Tips on winterizing outdoor gear.
Don’t start today by doing yesterday’s work. —Deniece Schofield
As the year winds down, warm weather activities come to an end. We squeeze in a final float, take the last ride, and go on a closing trip. And after we’re done, our toys need to be packed up for the long haul. In order for them to come out as good as they did the year before, there’s some legwork to do. When things get stored for a long time, weird things can happen—rusted metal, molded fabrics, and bad smells are among the most common. Come springtime, it sucks to pull out a piece of gear and find it ruined. Especially because a lot of times, dilapidated equipment is the result of laziness. But a little preparation goes a long way. Here are a few tips on winterizing warm-weather gear.
Storage Dos & Don’ts
Give all your heavily-used gear a deep-clean before storing it.
Wait until something looks or smells wrong to do something about it. Once it goes bad, rarely can you get it back.
Wait until all gear is dried completely before storing it for the long-term.
Store fabrics that are the slightest bit damp.
Store tents and sleeping bags in ways that allow the material to breathe.
Keep your down sleeping bag packed in a tight stuff-sack for months on end.
Store gear in a cool space out of the sun.
Leave gear exposed to intense sunlight or in a room with severe temperature changes.
Tired as you may be after your final fall camping trip, resist the urge to throw the sack and poles on the gear shelf without giving them a once-over. When it comes to tents, it’s best to stay ahead of upkeep. Run through this checklist before packing it up for the winter.
1. Inspect zippers on the tent and fly for dirt and grime. Clean with a toothbrush.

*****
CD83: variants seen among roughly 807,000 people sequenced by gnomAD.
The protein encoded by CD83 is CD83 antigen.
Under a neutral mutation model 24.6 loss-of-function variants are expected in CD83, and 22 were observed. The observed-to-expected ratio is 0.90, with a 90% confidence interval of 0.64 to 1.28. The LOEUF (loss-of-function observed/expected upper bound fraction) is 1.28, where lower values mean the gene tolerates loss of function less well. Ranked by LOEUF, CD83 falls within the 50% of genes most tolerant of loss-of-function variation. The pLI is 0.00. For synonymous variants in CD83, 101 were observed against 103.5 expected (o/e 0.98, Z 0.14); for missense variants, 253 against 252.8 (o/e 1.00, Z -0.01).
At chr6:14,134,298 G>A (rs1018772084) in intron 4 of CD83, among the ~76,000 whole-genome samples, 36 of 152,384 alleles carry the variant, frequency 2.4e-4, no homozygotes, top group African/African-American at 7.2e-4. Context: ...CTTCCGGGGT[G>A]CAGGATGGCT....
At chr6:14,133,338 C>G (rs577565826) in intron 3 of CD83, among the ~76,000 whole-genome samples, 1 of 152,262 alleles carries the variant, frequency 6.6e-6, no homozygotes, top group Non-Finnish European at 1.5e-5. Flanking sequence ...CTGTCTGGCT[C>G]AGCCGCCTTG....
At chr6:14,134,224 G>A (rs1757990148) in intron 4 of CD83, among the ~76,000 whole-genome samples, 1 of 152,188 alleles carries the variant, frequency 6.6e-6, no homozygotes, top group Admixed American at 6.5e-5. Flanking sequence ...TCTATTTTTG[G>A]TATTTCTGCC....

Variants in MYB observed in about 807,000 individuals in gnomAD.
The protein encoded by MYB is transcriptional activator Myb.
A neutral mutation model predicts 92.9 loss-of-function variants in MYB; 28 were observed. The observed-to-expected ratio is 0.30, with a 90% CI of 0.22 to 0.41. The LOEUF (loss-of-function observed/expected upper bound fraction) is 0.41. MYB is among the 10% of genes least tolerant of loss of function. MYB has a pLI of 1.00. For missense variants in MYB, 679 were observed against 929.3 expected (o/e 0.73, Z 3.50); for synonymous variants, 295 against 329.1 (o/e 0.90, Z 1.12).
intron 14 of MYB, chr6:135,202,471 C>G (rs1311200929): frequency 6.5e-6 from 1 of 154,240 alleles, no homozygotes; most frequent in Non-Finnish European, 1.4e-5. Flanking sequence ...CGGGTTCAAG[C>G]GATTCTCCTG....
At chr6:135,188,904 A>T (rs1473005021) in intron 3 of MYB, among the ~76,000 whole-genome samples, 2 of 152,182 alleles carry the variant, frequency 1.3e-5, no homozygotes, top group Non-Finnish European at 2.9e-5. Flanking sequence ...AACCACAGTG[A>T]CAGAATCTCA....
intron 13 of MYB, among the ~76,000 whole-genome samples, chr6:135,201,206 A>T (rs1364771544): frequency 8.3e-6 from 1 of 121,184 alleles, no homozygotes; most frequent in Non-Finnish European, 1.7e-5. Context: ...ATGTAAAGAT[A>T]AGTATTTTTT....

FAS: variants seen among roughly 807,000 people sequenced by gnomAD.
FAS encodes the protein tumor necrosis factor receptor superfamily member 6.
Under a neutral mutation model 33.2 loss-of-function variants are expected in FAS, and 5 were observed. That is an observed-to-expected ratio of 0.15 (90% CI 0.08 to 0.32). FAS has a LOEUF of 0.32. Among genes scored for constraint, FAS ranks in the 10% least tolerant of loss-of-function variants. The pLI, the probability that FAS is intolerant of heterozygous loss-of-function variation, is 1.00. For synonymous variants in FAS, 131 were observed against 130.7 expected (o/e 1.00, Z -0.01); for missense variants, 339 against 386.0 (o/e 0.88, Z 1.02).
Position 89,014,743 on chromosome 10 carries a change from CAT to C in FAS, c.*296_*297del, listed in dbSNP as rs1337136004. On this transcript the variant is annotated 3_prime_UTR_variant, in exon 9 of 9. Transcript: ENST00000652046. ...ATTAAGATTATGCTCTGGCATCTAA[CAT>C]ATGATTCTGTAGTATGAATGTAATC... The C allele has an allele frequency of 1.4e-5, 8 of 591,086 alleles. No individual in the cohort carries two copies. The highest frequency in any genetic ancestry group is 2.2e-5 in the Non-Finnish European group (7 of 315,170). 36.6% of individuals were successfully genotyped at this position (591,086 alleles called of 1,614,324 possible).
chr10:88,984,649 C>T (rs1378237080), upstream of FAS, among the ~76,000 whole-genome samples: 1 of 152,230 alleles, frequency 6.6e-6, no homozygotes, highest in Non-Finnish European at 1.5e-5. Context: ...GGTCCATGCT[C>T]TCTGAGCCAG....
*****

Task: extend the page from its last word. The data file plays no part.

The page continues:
2. Clean the ferrules on tent poles with a wet rag. Cumulative build-up can lead to poles breaking.
3. Look for holes or tears in the tent’s fabric. Patch with repair tape in circular pieces.
4. If the body needs a deep washing, use tent-specific detergents. Apply solution with hot water, rinse with cold water.
5. Apply a fresh waterproof coating on the rainfly if water seeps through fabric instead of beading on top. Do this AFTER cleaning.
6. Stuff your tent into its bag instead of folding and rolling it. Folding in the same pattern over and over again can result in early breakdown along the creases.
Watercrafts – Check rigging, repair leaks, clean surfaces, and coat with 303 Protectant. If storing your boat inflated, let a small amount of air out beforehand. If storing the boat deflated, make sure it’s dried completely before folding.
Bikes – Hose down entire bike; inspect brake pads, cables, and cassette; service bearings. If using tubeless tires, add sealant. For mountain bikers, assess the rear and front suspension. As always, lube the chain with oil.
Guns – Disassemble into individual parts, cleaning each one with a rag and supplying a healthy amount of oil to all metal. Run a rod with bore cleaner through the barrel until spotless. Store unloaded.
Boots – Remove laces and scrub away all grime and dirt with a brush. If using water for cleaning, let dry, then apply a liberal amount of grease to all leather.